– Stanislava Walasiewicz, or Stella Walsh as she became known, won 100m gold at the 1932 Olympics. Her autopsy in 1980 revealed that she was actually a man.
– No piece of paper can be folded in half more than seven times.
– The Dead Sea is really a lake.
– Half the world’s population has seen at least one James Bond movie.
– More redheads are born in Scotland than in any other part of the world.
– Less than one per cent of the Caribbean Islands are inhabited.
– Camels have three eyelids to protect themselves from blowing sand.
– Eskimos use refrigerators to keep their food from freezing.
– The little finger or toe is called the minimus.
– Most fatal car accidents occur on Saturdays and 20 per cent of all road accidents in Sweden involve a moose.
– Rabbits can reach speeds of up to 47 mph, jump 46m high and are capable of seeing in every direction.
– Sir Richard Branson, Ozzy Osbourne, Keira Knightley, Robbie Williams, Tommy Hilfiger and Steve Redgrave have all overcome dyslexia to become successful.
– The first European McDonalds opened in Munich, Germany, in 1971.
– Pink Floyd named themselves after legendary blues men, Pink Anderson and Floyd Council.
– The male seahorse carries the eggs, not the female.
– No US President has been an only child.
– The River Nile has frozen over twice in the ninth and again in the 11th centuries.
– When mother penguins return to care for their young, the fathers go to sea to eat and rest.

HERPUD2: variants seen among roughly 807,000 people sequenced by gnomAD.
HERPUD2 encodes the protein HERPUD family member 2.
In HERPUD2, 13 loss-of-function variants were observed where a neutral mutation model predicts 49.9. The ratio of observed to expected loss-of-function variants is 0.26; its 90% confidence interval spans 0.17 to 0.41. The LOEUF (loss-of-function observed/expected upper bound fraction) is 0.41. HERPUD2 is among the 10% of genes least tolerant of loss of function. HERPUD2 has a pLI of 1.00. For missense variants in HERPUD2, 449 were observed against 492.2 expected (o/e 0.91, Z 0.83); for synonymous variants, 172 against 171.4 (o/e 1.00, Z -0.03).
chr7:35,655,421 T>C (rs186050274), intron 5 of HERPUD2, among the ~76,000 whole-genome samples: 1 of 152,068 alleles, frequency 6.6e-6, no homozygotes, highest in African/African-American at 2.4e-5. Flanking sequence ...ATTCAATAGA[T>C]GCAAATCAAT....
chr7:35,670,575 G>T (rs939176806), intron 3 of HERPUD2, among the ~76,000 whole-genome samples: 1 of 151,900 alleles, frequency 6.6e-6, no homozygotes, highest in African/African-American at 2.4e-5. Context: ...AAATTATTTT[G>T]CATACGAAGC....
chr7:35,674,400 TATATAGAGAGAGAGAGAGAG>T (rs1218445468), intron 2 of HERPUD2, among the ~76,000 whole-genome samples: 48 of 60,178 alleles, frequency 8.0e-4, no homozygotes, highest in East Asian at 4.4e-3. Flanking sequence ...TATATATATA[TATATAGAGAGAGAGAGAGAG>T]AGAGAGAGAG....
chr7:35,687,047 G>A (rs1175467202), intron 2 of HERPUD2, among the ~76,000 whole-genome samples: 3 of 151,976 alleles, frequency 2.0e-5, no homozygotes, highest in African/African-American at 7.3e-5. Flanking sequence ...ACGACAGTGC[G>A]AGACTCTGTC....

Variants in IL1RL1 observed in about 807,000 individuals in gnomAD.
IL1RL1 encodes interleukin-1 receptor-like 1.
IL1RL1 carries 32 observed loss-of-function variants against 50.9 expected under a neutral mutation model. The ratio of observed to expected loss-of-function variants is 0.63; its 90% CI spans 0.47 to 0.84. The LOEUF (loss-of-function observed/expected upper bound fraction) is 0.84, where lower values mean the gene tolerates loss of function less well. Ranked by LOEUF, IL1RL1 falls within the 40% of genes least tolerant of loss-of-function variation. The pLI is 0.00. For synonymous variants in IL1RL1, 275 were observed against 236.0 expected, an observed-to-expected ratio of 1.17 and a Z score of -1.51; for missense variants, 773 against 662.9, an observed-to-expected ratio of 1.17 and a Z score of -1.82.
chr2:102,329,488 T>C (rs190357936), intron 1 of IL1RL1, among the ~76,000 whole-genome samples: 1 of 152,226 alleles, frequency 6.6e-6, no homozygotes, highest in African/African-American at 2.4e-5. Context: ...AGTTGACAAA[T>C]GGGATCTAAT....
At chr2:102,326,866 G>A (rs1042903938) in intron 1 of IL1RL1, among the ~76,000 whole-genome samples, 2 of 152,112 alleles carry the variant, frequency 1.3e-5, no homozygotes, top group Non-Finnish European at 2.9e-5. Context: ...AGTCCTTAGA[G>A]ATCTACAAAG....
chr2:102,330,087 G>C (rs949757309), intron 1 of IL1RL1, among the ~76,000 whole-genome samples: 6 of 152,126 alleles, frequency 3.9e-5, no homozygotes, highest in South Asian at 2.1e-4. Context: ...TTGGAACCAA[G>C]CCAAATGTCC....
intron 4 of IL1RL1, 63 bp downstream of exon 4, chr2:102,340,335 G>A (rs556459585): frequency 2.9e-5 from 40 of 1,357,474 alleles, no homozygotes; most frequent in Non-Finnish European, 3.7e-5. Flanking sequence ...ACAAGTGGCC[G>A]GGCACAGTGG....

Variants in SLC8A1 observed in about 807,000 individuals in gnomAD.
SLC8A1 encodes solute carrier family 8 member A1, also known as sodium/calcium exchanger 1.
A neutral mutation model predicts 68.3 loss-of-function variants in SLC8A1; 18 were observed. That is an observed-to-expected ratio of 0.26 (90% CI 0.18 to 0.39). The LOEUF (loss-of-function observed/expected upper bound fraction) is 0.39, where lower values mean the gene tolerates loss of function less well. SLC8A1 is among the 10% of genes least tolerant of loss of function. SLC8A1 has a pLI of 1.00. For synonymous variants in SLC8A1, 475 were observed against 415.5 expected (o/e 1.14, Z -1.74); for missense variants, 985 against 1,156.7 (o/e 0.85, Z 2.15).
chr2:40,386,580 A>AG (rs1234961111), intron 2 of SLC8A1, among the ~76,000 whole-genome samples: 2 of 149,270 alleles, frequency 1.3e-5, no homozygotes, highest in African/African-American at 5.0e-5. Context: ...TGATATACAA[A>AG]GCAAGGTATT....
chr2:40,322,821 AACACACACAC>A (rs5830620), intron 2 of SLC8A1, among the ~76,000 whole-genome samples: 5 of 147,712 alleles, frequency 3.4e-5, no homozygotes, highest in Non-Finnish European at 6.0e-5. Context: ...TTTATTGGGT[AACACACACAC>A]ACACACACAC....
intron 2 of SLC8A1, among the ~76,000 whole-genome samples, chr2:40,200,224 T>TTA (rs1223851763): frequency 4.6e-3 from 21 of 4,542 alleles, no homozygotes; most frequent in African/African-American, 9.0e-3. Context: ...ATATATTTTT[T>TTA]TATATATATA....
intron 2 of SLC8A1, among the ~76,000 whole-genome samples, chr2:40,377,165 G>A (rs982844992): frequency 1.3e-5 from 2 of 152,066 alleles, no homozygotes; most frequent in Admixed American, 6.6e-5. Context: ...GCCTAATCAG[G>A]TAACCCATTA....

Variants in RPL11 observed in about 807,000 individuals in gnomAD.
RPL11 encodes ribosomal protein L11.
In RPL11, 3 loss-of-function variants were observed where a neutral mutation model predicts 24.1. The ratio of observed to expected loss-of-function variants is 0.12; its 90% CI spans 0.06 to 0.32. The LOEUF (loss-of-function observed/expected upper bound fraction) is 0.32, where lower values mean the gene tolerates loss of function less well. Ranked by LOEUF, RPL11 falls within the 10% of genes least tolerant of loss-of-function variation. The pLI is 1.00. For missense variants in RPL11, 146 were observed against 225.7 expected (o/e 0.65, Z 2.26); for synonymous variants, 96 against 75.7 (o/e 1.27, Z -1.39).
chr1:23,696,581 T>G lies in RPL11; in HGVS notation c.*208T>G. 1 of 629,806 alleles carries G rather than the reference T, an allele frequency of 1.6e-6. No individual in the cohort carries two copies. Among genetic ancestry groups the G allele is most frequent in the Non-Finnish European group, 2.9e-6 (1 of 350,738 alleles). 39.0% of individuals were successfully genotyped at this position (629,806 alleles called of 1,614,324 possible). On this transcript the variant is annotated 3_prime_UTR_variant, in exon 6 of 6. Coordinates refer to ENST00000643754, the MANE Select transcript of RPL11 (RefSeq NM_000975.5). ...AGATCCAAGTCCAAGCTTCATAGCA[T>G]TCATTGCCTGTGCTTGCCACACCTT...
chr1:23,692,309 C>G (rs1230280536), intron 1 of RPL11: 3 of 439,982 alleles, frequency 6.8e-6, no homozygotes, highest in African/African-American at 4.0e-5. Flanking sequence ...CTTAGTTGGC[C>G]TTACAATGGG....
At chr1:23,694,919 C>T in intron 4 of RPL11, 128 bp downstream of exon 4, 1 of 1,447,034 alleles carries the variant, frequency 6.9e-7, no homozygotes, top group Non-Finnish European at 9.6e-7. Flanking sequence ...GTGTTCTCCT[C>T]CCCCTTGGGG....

– Stewardess Vesna Vulovic survived a 10,000m fall in 1972, when her DC-9 aircraft blew up.
– 130 million Ikea Catalogues are printed each year, which are translated into 28 languages and distributed in 36 countries – they depict flat-packed furniture.
– Roy C. Sullivan of Virginia, USA, holds the world record for surviving seven lightning strikes. Unrequited love led to his suicide in 1983.
– Danny Higginbottom dived safely from a 10m board into 36cm deep (shallow) water in January of this year.
– 82 per cent of the Beatles music was about love and John Lennon’s first girlfriend was named Thelma Pickles.
– Little Red Riding Hood’s name is Blanchette, Donald Duck’s middle name is Fauntleroy.
– Screwdrivers were first used to help knights put on their armour.
– Britain’s first escalator was installed at Harrods in 1878. The Knightsbridge department store was also the first to sell toilet paper.
– In the vast majority of the world’s languages, the word for mother begins with the letter ‘m’.
– Every year, the average person will eat 428 bugs by mistake.
– The word ‘dude’ was coined by Oscar Wilde and his friends. It combines the words duds and attitude.
– Marlon Brando’s occupation on his passport was shepherd.
– Debra Winger was the voice of ET.
– Christopher Lee was the only member of the cast and crew of The Lord of the Rings movies to have met J R R Tolkien.
– Only 30 per cent of humans can flare their nostrils.
– The size of your foot is approximately the size of your forearm.
– Charles Bronson was in both The Magnificent Seven and The Dirty Dozen.
– Rudolph the Red-nosed Reindeer was not part of the original line-up in Clement Moore’s 1822 poem.
– The only one of the Seven Dwarfs without a beard was Dopey. The only one to wear glasses was Doc.
Now that you know that my head is crammed full of useless information, I will lastly name the Four Horsemen of the Apocalypse as an introduction to my next piece in a fortnight’s time, which will have a more profound subject matter – War, Famine, Pestilence and Death.
See you then!